Professional
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Beatrice Shlansky / Columbia Daily Spectator

Sure, you might be able to bang out a cover letter in your pajamas at three in the morning, but there’s no place to hide during an interview. Interviews are perhaps the most nerve-wracking part of the job or internship application process because you have come across as sophisticated, eloquent and, well, an adult, to hiring managers and prospective bosses. While we admittedly can’t teach you how to temporarily disable the sweat glands in your palms, we here at Spectrum have some tips to help you ace your next interview.

1. Do your research beforehand.

An interview is like a first date. Though you and your partner (the company that you’re applying to) already have some basic familiarity with each other, the interview is where you solidify that you’re a good match. So get to know the other party, and also have ready a concise yet thorough overview of yourself. This means being familiar with your resume, the position and company that you’re applying to, and having answers to common interview questions such as these. If you’re applying to an industry with its own standardized interview process (e.g., banking), it’s good to also familiarize yourself with answers to any technical questions that might pop up. Though you certainly don’t need to memorize any answers, we do suggest jotting down some talking points for commonly asked questions. Since interviewers often conclude by asking if you have any questions for them, it’s also smart to have a list of questions ready beforehand.

2. Bring a copy of your resume, cover letter, and references.

Though your interviewer most likely already has a copy of your resume and cover letter by the time the interview rolls around, it never hurts to bring extras, especially since you’ll often be interviewed by more than one person. Other materials that are good to have ready are a list of references and a portfolio with samples of your work, if relevant.

3. Dress for success.

Coming across as professional is integral to landing a position, so make sure to dress for success! This means a dress or blouse with a blazer or suit for women, and a suit, shirt, and tie for men. Don’t worry if you don’t have these items in your closet: You can borrow suits from Beyond Barnard and Center for Career Education. You do have a bit of wiggle room—if the interview is for a startup, or on campus in the middle of the class day, business casual should be sufficient, though we always recommend erring on the more formal side if you’re not entirely sure.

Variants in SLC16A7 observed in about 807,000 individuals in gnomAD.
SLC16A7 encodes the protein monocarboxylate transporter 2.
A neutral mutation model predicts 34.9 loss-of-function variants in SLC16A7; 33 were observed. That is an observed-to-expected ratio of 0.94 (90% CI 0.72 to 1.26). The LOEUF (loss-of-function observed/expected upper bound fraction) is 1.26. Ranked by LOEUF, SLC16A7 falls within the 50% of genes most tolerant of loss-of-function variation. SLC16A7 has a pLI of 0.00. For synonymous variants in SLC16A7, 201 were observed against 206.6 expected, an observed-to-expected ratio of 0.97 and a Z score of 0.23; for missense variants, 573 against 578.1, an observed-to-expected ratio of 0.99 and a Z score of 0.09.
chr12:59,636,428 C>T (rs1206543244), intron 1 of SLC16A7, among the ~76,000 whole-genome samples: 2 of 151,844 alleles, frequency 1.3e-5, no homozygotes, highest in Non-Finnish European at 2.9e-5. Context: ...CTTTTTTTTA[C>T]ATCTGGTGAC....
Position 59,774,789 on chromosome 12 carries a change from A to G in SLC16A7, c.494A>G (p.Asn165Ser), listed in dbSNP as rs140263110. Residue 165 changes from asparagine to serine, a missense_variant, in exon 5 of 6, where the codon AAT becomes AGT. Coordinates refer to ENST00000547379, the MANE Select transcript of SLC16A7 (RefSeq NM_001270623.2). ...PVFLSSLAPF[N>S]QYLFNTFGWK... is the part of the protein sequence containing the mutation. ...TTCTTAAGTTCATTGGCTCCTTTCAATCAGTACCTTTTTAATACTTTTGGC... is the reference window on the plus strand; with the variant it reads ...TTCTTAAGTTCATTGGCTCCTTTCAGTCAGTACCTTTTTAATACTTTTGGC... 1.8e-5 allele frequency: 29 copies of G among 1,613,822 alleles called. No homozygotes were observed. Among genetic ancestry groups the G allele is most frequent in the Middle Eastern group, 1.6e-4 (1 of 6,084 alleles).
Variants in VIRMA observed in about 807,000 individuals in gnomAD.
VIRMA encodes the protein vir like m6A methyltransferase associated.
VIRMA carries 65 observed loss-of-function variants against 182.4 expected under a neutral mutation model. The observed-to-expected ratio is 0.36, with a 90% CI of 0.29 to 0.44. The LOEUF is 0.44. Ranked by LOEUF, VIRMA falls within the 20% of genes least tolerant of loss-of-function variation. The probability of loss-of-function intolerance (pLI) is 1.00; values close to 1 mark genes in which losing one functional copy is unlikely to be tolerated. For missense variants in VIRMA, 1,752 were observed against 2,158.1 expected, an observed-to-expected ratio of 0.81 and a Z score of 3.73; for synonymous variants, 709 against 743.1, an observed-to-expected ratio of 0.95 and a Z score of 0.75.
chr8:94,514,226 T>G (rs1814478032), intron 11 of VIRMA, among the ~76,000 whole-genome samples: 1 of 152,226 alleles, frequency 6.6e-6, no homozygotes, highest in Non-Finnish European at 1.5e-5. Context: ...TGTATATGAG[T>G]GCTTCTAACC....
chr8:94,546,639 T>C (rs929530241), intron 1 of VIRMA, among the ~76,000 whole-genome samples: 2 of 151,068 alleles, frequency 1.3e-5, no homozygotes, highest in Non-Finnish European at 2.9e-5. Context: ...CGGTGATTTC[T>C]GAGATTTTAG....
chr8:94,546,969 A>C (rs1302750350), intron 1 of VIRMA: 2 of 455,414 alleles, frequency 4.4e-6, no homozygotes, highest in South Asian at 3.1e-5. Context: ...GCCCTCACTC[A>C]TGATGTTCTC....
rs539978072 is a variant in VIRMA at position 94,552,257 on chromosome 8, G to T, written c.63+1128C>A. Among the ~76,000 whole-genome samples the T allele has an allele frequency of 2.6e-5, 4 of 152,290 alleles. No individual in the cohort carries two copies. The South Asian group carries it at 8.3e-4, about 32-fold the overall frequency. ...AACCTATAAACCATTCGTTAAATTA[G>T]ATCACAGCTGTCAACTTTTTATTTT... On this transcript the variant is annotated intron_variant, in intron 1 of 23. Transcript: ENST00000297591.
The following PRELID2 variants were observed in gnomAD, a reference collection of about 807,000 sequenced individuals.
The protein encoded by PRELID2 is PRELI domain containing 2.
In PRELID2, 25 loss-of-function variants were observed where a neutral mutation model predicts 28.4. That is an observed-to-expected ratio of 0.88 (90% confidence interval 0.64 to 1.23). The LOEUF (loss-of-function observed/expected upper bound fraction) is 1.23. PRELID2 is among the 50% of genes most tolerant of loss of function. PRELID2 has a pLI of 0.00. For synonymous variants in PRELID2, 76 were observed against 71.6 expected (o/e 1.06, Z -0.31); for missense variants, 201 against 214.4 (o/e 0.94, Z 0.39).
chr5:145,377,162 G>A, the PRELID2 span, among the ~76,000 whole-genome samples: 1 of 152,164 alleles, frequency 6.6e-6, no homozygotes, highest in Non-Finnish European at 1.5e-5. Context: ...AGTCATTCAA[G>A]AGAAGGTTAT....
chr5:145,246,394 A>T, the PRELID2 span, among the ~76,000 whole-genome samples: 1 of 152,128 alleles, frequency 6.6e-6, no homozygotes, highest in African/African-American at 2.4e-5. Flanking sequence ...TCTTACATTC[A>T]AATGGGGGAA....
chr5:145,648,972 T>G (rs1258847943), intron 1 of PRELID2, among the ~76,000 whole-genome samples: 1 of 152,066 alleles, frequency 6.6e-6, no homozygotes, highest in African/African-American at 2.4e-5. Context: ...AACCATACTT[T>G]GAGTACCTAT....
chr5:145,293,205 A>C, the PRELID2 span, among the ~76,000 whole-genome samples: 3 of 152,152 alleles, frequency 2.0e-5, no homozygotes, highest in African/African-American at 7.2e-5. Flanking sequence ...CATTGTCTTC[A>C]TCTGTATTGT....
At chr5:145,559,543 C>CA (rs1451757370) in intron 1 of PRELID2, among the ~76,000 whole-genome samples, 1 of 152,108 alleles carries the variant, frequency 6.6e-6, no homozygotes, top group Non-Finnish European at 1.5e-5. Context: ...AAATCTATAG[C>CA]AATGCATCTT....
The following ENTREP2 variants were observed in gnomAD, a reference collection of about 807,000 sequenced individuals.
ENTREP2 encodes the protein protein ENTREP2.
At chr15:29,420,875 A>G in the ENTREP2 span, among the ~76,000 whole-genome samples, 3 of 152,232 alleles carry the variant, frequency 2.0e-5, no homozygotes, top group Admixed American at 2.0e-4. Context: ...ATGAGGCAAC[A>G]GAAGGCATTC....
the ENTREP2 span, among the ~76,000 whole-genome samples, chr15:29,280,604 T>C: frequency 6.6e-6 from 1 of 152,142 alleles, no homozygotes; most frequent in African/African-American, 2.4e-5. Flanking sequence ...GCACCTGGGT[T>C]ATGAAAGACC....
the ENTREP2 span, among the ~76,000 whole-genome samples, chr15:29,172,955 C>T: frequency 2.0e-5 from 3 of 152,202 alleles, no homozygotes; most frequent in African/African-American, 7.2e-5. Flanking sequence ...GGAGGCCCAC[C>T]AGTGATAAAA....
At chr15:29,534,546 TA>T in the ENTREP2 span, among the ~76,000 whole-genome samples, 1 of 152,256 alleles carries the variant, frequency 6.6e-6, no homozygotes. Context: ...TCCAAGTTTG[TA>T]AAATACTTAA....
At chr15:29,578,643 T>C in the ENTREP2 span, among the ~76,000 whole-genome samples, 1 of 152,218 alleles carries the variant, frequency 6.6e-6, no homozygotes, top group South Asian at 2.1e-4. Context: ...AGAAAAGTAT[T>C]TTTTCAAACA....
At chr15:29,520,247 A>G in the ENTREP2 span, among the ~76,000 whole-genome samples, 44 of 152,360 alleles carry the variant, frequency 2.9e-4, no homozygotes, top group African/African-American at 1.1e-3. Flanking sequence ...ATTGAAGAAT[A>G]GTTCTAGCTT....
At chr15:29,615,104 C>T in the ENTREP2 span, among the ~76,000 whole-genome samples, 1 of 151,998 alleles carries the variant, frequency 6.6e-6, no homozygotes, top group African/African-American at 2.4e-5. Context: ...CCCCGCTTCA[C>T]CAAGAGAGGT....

4. Project confidence through nonverbal communication.

Though interview prep is usually centered around predicting questions and preparing answers, oftentimes how you act during an interview is just as important as what you say. Make sure to arrive between 10 and 20 minutes early, take out your headphones in the waiting room, and be kind and professional to anyone you meet in the office before your interview, such as a receptionist. No matter how nervous you feel, try your best to project confidence: A nice, firm handshake; good posture; and steady eye contact go a long way.

5. Schedule a mock interview.

We’ve given you all the tips, and now it’s time to put them into practice—quite literally. No matter whether you tend to say “like” between every other word when you’re nervous, or if you’re unsure if you can still sit up straight for half an hour after 20 years of slouching, practice can go a long way: Set up a video camera in your room and rehearse answers to common interview questions. Alternatively, schedule a mock interview through Columbia’s and Barnard’s practice interview programs.


Staff writer Michelle Zhuang can be contacted at michelle.zhuang@columbiaspectator.com. Follow Spectator on Twitter @ColumbiaSpec.

Interviews Resume Cover letter Pre-professional
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